Greece will shortly be placed into “Default” by S&P and Fitch which will trigger default language in all kinds of securitizations including Greece’s $90Bn in derivatives and may cause disgorgement from accounts that are forbidden to hold defaulted bonds.

After the country has been placed into “Default” the banks will soon follow and once again there will be all kinds of consequences in interbank lending, securitizations, collateral agreements et al from all of this.

The CDS contracts for Greece may or may not function as they stand but, as I am quite certain will happen, not enough bond holders tender their bonds for the new debt so that Greece will pass the “Collective Action Clause” which will certainly trigger CDS in my opinion and if not will show the fallacy of that market.

The structure of the deal puts the IMF/EU/ECB clearly in control of the finances of Greece so they have replaced some sort of Czar with the bureaucrats of the Troika and the country no longer will control its own finances as they traded away their sovereignty for cash. In fact, an escrow account will be set up for Greece which will be controlled by the Troika and Greece is being forced to change their Constitution pledging to pay their creditors before providing any money for the country. A quick study of the math reveals that Greece will get about 19 cents on the Dollar and the rest of the money is the sovereign nations of Europe paying back their banks with the money they have supposedly lent to Greece. Greece is now nothing more than a conduit for the nations of Europe to pay back their own financial institutions. 

Now we will see if the Parliaments in Europe will go along with this plan as many still have to approve it and a careful reading of the math involved here may be troubling for some governments especially Finland and the Netherlands.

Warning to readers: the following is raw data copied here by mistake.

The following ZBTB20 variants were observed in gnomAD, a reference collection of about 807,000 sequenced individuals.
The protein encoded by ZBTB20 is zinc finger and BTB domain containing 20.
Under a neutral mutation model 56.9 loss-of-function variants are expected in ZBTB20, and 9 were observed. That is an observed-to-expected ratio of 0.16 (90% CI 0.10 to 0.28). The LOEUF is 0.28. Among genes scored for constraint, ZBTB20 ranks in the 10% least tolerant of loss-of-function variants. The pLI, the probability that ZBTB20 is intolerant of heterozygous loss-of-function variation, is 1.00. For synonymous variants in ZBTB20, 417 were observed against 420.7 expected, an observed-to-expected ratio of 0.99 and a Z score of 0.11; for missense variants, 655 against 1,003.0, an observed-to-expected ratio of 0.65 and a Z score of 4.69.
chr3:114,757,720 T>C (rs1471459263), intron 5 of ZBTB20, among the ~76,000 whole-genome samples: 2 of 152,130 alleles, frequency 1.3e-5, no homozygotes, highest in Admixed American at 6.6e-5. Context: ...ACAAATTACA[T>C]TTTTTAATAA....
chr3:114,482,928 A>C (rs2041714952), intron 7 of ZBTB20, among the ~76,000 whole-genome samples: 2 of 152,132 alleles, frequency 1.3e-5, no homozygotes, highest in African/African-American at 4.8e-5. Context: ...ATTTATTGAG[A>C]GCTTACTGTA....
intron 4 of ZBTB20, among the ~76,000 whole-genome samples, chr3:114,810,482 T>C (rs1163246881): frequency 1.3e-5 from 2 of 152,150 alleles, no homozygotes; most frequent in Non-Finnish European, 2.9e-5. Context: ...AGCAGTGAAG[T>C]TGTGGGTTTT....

We will also see, with Greek elections looming, how the citizens react to all of this either in the polling booths or in the streets as an additional $4Bn of spending cuts have been mandated by the Troika and they state that the money will not be paid to Greece until they are implemented which must be by the end of February.

The total outstanding debt for Greece will now rise to $1.270Tn as new debt pays off old debt in a country with substantial negative growth so that the real situation, regardless of what we are told, worsens.

In early May Greece faces its next bond payments so there may be a re-do for all of this in several months’ time.

If Greece is actually going to get the next round of the bailout then the other side of the coin is the increased debt being taken on by the other countries in Europe which could cause more downgrades as the new debt to GDP numbers are assessed.

“A sleight of hand is not magic; just a trick. It is amazing to me these days how proficient the EU and the ECB have become in turning tricks.”

-The Wizard

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knight99's picture

i am hearing the NET CDS on Greece will only be 2.8 billion approximatly. If this is the case not a big deal but I can't help to think this is not the case considering all the can kicking just to avoid a CDS trigger any input would be appreciated.

withnmeans's picture

A little off topic, I'm finding it strange that not only Lloyd Blankfein is quitting but others on the top of Goldman are stepping down. Hmmmm , something is up "or should I say down"

LawsofPhysics's picture

Only the morgue will survive this next financial crisis.  Actually I guess I could modify that, any entity with a lot of physical will ultimately survive the massive deflation then hyperinflation that will eventually occur.